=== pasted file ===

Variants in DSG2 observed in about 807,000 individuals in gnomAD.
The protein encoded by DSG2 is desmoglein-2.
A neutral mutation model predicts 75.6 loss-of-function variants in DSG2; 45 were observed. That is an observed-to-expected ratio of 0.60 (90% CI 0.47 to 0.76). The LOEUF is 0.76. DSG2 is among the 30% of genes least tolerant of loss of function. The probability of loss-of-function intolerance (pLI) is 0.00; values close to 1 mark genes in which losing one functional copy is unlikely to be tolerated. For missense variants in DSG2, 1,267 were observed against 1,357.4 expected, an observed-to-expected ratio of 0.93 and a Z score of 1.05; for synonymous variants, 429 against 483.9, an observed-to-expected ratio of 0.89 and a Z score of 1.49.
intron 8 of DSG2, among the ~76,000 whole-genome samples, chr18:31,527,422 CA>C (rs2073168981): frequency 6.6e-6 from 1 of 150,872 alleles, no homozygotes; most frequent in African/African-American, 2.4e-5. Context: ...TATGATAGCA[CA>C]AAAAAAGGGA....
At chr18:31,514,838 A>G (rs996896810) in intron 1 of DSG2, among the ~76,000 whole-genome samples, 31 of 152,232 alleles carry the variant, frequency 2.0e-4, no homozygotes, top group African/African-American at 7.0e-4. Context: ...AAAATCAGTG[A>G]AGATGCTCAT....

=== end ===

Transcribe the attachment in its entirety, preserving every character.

Variants in DSG2 observed in about 807,000 individuals in gnomAD.
The protein encoded by DSG2 is desmoglein-2.
A neutral mutation model predicts 75.6 loss-of-function variants in DSG2; 45 were observed. That is an observed-to-expected ratio of 0.60 (90% CI 0.47 to 0.76). The LOEUF is 0.76. DSG2 is among the 30% of genes least tolerant of loss of function. The probability of loss-of-function intolerance (pLI) is 0.00; values close to 1 mark genes in which losing one functional copy is unlikely to be tolerated. For missense variants in DSG2, 1,267 were observed against 1,357.4 expected, an observed-to-expected ratio of 0.93 and a Z score of 1.05; for synonymous variants, 429 against 483.9, an observed-to-expected ratio of 0.89 and a Z score of 1.49.
intron 8 of DSG2, among the ~76,000 whole-genome samples, chr18:31,527,422 CA>C (rs2073168981): frequency 6.6e-6 from 1 of 150,872 alleles, no homozygotes; most frequent in African/African-American, 2.4e-5. Context: ...TATGATAGCA[CA>C]AAAAAAGGGA....
At chr18:31,514,838 A>G (rs996896810) in intron 1 of DSG2, among the ~76,000 whole-genome samples, 31 of 152,232 alleles carry the variant, frequency 2.0e-4, no homozygotes, top group African/African-American at 7.0e-4. Context: ...AAAATCAGTG[A>G]AGATGCTCAT....